-Does the venue require a technician or technical director?
-If so, do they know how to operate the lighting and sound systems?
-If so, are they available to run the show?
-If the answer to either of the last two questions is no, then does the theater know of anyone who can be hired to run the show?



If you’re renting a theater in a union house (in which the crew are members of the International Alliance of Theatrical Stage Employees and the stage manager is a member of Actors’ Equity Association), there will be an additional labor cost separate from the rental. Finally, keep in mind that lighting designers generally work on a one-time fee that is negotiated directly with the designer.

How well you work with your crew will directly affect the success of your recital. If you delegate tasks and allow the crew to have creative input, you may be pleasantly surprised. “Many of us would like to be very much in control, but for me the best results were when I let go of that sense of control,” admits Ella Ben-Aharon Salonius, who has taught dance in Israel and recently formed a dance company, T E A (Trans-personal Education & Art), in New York City. “Allow the designers to bring their talent into the show, not just as decoration.”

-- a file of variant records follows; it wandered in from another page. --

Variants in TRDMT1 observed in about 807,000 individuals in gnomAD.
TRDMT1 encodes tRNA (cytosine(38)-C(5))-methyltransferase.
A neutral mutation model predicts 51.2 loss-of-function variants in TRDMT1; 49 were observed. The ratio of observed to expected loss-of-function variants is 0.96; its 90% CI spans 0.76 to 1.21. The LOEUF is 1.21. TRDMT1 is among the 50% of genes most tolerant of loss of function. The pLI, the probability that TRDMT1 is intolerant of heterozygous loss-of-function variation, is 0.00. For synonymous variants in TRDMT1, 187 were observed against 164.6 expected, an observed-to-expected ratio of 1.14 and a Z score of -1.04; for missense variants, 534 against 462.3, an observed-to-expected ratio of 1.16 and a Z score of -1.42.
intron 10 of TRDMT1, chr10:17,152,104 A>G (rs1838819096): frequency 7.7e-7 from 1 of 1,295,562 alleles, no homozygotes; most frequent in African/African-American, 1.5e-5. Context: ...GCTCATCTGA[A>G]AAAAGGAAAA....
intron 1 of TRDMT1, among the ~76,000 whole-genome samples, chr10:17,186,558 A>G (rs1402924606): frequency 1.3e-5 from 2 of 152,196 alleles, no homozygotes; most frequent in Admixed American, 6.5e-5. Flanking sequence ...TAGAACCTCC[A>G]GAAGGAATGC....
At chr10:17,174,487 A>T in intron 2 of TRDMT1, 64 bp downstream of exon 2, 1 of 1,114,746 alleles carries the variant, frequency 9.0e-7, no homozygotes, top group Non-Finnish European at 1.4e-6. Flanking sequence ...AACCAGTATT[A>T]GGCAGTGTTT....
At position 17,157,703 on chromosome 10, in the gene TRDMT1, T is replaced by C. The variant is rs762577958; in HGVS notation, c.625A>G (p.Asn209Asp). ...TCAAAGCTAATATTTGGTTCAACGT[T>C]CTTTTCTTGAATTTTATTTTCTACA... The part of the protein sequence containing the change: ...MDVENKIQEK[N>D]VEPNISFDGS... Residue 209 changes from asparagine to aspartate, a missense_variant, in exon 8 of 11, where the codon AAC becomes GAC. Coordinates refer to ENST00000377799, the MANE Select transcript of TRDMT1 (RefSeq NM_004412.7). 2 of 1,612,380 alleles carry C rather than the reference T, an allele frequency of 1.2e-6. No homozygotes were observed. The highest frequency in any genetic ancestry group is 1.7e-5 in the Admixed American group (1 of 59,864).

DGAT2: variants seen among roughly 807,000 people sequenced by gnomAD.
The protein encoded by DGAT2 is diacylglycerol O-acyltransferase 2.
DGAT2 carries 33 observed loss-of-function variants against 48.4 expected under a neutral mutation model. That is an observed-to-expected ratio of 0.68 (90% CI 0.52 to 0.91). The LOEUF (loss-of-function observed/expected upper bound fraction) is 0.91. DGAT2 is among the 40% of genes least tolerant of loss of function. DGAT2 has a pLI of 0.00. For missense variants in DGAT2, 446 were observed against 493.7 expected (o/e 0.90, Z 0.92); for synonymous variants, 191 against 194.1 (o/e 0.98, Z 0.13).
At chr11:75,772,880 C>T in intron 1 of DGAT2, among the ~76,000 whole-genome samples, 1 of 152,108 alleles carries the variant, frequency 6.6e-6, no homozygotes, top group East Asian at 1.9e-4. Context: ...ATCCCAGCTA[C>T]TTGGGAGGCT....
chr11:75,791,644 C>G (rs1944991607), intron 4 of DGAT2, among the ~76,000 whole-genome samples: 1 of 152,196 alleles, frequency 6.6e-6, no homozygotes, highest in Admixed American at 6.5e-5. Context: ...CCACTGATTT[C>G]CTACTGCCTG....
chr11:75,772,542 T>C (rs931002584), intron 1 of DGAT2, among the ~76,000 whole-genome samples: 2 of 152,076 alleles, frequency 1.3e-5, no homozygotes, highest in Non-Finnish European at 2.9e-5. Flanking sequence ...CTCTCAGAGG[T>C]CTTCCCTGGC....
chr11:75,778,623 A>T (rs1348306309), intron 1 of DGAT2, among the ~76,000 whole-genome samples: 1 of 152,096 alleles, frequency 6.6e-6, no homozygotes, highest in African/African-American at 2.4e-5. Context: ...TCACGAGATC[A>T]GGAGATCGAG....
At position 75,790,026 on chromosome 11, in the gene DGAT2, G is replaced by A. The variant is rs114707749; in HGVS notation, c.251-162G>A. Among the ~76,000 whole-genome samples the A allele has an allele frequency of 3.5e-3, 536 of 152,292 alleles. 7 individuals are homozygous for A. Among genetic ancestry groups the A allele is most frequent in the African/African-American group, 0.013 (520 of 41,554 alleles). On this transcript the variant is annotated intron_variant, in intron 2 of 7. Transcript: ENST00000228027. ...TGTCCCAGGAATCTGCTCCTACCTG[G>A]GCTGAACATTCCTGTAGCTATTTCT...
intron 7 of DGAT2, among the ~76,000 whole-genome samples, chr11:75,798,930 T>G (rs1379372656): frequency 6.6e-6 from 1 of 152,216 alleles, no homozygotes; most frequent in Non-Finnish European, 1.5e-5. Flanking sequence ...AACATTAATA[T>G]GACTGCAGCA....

Lights & Sound
Lighting for dance is traditionally done from the wings of the stage, as side lighting is the best way to illuminate the outline of the body (versus theater lighting, which comes from the front and highlights the actors’ faces). Side lights are mounted on a long pole, called the dance boom, at four different heights: the shin buster, which lights up the lower leg of the dancer; the crotch light, aimed at the hips; the mids, for the torso; and the heads (you guessed it).


Square pieces of colored plastic, called gels, can be inserted into the front of each lighting fixture with a gel frame in order to create colored light on the stage. A metal pattern, called a gobo, adds to the texture of the lighting design. The gobo is also inserted into the front end of the fixture and throws a patterned shadow across the stage.